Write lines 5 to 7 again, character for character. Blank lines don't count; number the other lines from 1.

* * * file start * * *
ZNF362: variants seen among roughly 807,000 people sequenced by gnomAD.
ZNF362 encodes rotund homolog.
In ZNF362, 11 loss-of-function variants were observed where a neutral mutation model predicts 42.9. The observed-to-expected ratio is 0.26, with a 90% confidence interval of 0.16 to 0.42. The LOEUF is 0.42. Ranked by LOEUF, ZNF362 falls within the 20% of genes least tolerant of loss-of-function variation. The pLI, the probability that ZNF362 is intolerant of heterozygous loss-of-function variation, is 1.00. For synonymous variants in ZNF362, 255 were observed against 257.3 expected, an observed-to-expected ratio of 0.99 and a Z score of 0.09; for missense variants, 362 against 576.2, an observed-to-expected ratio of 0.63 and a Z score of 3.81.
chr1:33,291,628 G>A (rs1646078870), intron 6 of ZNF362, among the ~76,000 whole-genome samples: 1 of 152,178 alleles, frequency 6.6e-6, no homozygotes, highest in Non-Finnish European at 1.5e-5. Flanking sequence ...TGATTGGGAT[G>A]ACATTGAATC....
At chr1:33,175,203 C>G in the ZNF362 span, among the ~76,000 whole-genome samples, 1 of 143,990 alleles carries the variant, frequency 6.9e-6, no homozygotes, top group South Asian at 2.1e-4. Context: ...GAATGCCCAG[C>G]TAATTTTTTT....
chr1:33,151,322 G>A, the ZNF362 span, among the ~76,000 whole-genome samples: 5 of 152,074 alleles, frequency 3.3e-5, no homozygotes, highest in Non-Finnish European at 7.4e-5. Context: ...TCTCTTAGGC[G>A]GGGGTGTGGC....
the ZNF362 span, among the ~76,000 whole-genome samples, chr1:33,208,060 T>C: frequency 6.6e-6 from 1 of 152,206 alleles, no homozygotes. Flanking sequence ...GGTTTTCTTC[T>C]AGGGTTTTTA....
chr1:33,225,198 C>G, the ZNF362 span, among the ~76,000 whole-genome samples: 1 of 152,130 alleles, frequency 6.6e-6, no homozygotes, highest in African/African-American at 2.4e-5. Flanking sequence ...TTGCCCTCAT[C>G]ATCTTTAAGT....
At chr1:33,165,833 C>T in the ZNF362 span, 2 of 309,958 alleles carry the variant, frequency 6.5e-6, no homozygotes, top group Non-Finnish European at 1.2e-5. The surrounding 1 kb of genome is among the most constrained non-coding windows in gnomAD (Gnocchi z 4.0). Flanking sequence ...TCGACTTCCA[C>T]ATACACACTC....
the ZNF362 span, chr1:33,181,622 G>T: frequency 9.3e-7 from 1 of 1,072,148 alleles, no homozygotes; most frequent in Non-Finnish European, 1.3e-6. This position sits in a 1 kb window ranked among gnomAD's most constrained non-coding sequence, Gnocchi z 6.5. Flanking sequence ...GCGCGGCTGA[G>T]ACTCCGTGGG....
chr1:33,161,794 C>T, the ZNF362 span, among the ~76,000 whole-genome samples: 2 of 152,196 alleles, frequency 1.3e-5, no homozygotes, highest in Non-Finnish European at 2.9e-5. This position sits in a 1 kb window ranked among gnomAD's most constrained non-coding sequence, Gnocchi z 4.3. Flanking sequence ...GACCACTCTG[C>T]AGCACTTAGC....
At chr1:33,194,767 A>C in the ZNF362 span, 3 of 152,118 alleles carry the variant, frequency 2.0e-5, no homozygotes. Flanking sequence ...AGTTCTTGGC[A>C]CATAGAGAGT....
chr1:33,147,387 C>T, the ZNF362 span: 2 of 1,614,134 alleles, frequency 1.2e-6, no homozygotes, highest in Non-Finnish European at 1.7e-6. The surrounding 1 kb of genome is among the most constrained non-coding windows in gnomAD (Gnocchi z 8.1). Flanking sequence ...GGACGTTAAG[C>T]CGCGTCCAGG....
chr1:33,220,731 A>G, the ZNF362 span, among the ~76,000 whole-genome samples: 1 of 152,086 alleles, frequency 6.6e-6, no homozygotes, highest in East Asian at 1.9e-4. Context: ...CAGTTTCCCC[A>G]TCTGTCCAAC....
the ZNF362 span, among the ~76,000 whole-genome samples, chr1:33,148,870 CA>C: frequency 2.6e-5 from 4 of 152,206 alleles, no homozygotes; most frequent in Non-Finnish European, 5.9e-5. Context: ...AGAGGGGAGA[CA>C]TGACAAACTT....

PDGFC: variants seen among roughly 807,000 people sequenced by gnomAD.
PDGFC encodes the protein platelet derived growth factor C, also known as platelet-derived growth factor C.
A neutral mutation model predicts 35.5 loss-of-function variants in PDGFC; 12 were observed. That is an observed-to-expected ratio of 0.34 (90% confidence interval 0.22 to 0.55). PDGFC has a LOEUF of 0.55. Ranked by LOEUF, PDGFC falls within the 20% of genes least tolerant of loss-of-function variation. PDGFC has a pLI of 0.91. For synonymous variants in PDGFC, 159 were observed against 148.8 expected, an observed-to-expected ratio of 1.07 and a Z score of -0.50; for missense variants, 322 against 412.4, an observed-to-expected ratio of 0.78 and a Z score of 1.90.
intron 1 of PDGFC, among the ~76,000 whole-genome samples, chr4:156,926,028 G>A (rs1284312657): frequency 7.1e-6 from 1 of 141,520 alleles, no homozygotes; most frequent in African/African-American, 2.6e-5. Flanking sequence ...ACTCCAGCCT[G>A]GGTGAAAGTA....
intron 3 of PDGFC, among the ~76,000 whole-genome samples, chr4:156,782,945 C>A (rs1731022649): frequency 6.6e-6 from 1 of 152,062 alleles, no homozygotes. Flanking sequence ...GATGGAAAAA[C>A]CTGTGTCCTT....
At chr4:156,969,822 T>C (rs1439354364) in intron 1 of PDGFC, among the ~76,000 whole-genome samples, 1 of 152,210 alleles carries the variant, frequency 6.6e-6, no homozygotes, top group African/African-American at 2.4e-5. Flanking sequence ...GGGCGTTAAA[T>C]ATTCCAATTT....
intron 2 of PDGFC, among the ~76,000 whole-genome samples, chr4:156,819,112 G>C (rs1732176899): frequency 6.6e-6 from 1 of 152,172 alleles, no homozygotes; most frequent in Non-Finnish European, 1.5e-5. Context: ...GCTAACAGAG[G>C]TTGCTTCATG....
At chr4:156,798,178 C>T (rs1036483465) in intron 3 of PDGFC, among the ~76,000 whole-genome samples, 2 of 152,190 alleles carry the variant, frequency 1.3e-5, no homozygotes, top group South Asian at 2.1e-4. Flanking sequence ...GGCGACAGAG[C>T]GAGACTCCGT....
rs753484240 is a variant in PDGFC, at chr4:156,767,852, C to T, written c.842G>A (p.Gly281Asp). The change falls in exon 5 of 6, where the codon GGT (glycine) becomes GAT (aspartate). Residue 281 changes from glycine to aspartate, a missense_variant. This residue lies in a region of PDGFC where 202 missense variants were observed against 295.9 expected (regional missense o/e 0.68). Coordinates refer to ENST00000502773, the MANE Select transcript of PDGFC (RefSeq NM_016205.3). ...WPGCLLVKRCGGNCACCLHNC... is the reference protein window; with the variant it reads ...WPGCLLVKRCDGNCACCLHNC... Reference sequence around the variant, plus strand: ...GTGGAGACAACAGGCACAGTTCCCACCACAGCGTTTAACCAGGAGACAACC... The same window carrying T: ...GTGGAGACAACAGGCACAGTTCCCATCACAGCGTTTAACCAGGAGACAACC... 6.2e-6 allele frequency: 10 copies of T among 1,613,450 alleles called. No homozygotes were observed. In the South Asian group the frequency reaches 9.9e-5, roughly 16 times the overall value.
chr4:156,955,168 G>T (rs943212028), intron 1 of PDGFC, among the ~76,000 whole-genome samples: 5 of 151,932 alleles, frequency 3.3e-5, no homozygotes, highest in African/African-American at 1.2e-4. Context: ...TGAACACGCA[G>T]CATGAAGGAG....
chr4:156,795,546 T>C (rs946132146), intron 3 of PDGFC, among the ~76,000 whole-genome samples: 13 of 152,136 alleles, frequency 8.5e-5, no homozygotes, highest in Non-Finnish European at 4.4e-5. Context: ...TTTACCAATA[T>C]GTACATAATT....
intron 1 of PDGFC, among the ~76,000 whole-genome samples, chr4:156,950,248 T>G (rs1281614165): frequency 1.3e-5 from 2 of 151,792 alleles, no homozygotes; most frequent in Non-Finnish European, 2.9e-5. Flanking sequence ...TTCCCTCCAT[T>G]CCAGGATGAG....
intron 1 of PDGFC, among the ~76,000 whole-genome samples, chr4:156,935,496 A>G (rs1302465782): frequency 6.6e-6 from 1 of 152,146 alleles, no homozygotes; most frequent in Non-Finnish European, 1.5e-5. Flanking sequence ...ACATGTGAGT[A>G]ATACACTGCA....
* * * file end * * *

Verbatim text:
At chr1:33,175,203 C>G in the ZNF362 span, among the ~76,000 whole-genome samples, 1 of 143,990 alleles carries the variant, frequency 6.9e-6, no homozygotes, top group South Asian at 2.1e-4. Context: ...GAATGCCCAG[C>G]TAATTTTTTT....
chr1:33,151,322 G>A, the ZNF362 span, among the ~76,000 whole-genome samples: 5 of 152,074 alleles, frequency 3.3e-5, no homozygotes, highest in Non-Finnish European at 7.4e-5. Context: ...TCTCTTAGGC[G>A]GGGGTGTGGC....
the ZNF362 span, among the ~76,000 whole-genome samples, chr1:33,208,060 T>C: frequency 6.6e-6 from 1 of 152,206 alleles, no homozygotes. Flanking sequence ...GGTTTTCTTC[T>C]AGGGTTTTTA....